Successful data collection: planning, perseverance, reflection, luck and serendipity

This blog is partly about the research process itself and the trip has offered up a range of ‘issues’ that show how research and research outcomes can be affected by various challenges.

The field-work element of this research has, thankfully, gone pretty well. Obviously this is what I would have hoped for. Achieving a successful outcome in research however is never straight-forward and in this case there were a number of parts that could have gone badly wrong that have involved a certain amount of continued fortune/luck despite extensive planning. Even the best laid plans can come unstuck so even though preparation for this tour of six Asian cities was many months in the making I think it is worth briefly reflecting on how it could all have gone so differently but also on how research develops over time and should respond to its context. What I’m going to do here therefore is briefly consider/reflect on, in turn, how planning, perseverance, reflection, luck and serendipity have affected the research and its outcomes to date.


Obviously all research should be as well planned out as possible, both the day-to-day schematics of what will be done, how and where, as well as contingency preparation for if things do not go so well. Planning for this trip was extensive and ranged from planning the route effectively so as to minimise jet lag as each leg was completed (see first post itinerary) and making sure that good guides and contacts were arranged for each location, to knowing about how to best try to avoid getting unwell during the course of the research and or contract unwanted diseases. On the latter, up to 60% of travellers to regions such as Asia can succumb to Travellers’ diarrhoea, and given that I was travelling to six Asian countries, only one of which has genuinely safe drinking water for travellers (Japan) then this was a clear priority as a bout of illness would disrupt the research and potentially undermine it completely. Preventing illness meant a restricted diet whilst travelling (no ice cubes at any time; no salads; no fish/seafood; vegetables dishes wherever possible and only meat, if unavoidable, that is freshly cooked and fried where possible. This was unfortunate to some degree as each of these countries has cuisine that was very tempting. Antibacterial hand gel was a common mainstay and applied regularly as was insect repellent and sunscreen. A number of inoculations were also needed.


To be honest this is just a ‘given’ in the research process. There were numerous times when the pace was overbearing. The trip could have been twice as long and still been insufficient/too short in many respects.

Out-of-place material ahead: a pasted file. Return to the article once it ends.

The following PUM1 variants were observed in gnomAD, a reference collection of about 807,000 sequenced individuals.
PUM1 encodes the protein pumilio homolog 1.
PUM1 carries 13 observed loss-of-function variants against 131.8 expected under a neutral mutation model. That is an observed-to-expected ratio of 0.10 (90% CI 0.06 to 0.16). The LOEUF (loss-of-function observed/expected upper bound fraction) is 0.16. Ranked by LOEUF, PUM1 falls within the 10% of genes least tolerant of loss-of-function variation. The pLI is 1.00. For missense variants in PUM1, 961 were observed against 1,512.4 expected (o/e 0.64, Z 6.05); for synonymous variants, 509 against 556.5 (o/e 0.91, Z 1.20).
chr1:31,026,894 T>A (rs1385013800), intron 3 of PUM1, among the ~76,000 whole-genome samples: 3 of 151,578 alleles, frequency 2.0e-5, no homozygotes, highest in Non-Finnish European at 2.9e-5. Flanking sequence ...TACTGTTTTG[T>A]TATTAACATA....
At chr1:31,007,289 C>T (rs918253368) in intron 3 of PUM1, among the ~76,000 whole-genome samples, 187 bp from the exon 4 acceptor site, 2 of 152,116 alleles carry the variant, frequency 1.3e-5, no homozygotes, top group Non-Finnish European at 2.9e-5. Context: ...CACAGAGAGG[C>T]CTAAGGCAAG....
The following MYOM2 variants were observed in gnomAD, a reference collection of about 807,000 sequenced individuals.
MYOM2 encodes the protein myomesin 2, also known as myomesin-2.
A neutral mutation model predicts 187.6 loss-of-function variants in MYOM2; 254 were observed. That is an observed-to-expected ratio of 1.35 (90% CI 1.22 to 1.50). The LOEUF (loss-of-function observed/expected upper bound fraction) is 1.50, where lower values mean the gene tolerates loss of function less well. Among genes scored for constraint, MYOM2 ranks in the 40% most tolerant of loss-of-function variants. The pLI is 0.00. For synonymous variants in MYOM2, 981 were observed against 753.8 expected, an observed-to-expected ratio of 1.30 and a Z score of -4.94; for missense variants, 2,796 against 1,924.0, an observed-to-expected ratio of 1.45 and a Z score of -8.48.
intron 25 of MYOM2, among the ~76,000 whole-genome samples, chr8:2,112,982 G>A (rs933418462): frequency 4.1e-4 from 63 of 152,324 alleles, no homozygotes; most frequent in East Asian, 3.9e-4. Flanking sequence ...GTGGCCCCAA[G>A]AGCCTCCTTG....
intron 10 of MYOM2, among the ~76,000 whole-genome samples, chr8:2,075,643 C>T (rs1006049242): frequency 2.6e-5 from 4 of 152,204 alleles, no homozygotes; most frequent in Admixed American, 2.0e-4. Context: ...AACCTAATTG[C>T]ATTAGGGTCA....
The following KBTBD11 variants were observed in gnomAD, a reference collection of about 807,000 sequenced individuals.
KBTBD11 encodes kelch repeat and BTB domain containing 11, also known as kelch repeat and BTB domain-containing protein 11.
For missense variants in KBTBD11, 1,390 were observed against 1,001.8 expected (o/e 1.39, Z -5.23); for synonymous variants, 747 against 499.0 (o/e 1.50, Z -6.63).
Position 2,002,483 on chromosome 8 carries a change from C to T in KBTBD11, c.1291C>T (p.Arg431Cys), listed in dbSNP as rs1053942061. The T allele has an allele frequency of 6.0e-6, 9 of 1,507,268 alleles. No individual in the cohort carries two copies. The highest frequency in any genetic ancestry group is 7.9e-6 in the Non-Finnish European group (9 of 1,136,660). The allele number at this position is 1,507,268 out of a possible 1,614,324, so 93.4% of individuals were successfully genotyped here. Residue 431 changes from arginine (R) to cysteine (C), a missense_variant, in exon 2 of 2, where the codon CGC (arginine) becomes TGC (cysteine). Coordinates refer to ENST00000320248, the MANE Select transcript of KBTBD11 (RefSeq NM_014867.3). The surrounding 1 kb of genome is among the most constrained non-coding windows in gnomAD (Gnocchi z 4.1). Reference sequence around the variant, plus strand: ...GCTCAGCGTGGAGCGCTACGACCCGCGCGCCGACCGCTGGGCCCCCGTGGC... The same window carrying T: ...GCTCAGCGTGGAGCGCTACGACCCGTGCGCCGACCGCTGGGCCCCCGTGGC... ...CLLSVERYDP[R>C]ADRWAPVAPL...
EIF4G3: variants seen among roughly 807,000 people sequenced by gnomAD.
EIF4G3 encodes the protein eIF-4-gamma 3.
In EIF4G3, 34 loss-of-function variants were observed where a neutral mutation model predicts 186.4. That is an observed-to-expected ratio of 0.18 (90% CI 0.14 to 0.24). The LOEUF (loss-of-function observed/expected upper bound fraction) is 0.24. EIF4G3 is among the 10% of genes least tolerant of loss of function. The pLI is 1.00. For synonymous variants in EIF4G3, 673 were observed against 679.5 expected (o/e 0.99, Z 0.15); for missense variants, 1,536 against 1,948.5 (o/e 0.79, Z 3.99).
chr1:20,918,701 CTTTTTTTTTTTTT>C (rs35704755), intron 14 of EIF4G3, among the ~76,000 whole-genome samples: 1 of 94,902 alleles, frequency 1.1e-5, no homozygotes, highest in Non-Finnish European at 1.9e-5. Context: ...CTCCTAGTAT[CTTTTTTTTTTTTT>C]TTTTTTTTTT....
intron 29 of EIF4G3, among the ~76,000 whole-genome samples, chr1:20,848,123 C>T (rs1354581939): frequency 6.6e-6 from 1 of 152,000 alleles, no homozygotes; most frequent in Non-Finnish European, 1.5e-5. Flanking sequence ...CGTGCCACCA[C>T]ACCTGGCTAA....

As for the occasionally overbearing pace – on four of the legs this involved: arriving, going straight in the field, walking and/or travelling for hours on end (in most cases even when using the subway standing room only was the norm) getting back to the hotel, preparing for the following day or travel to a new destination (often overnight). Blisters and sore feet became the norm (I knew I should have trained for this) as did tiredness. It was also exhilarating at points however so don’t get the impression that it was drudgery – it wasn’t, but it was demanding. Many of the days in the field consisted of around 7-8 hours walking, observing, moving around, with usually a short lunch break in between. Nearly every day in the field was undertaken in heat above 30 degrees centigrade and a number of them considerably so. Both myself and each of my wonderful guides/co-researchers felt the strain of these long, hot, draining days. It would have been easy (and understandable) to now and again have cut a day short or missed a day planned for the field but each new location visited added meaningfully to the research and data collection. Whether it is desk based research or research in new settings, persevering where possible and completing the planned data collection phases always brings its rewards and it did here.


Well the blog has helped a lot here. It has operated in many ways like a mini research diary (which I have also kept and which contains many more notes about all of the observations made – spitting and non-spitting related both).This is mixed methods research (also involving an online survey) but this part of it is mostly qualitative; involving observations, conversations/feedback from locals and of course reflection on what I have seen and been told and how it fits with a better understanding of spitting in different contexts. In this sense the research is and has been dynamic – as new ideas or concepts have developed through what I have seen – I have recorded many of them on the blog to help me both formulate what my thinking/interpretations were and how they were evolving. Constant reflection on what I have seen and been told has therefore meant that ‘analysis’ has been, and is, on-going and that it isn’t something that only happens at the end when all the data is collected. Reflection during the data collection phase allows ideas to be followed up in next/future observations and discussions and if deemed to be helpful added to the ‘lens’ through which the research is being carried out. Specific examples of this were becoming aware of how each of the countries had examples of almost completely ‘hidden’ (to them) but common public spitting such as spitting around the edge of public swimming pools carried out by (those previously thought of as) ‘non-spitters’ as well as spitters, and seeing everyday public spitting, as found in China, as simply not heard/seen by both spitters and non-spitters alike in many cases, and then also considering why this is the case. My own views on spit and spitting have shifted meaningfully during the course of this research and as those views have shifted this has affected both how my observations have played out and interpretation of them.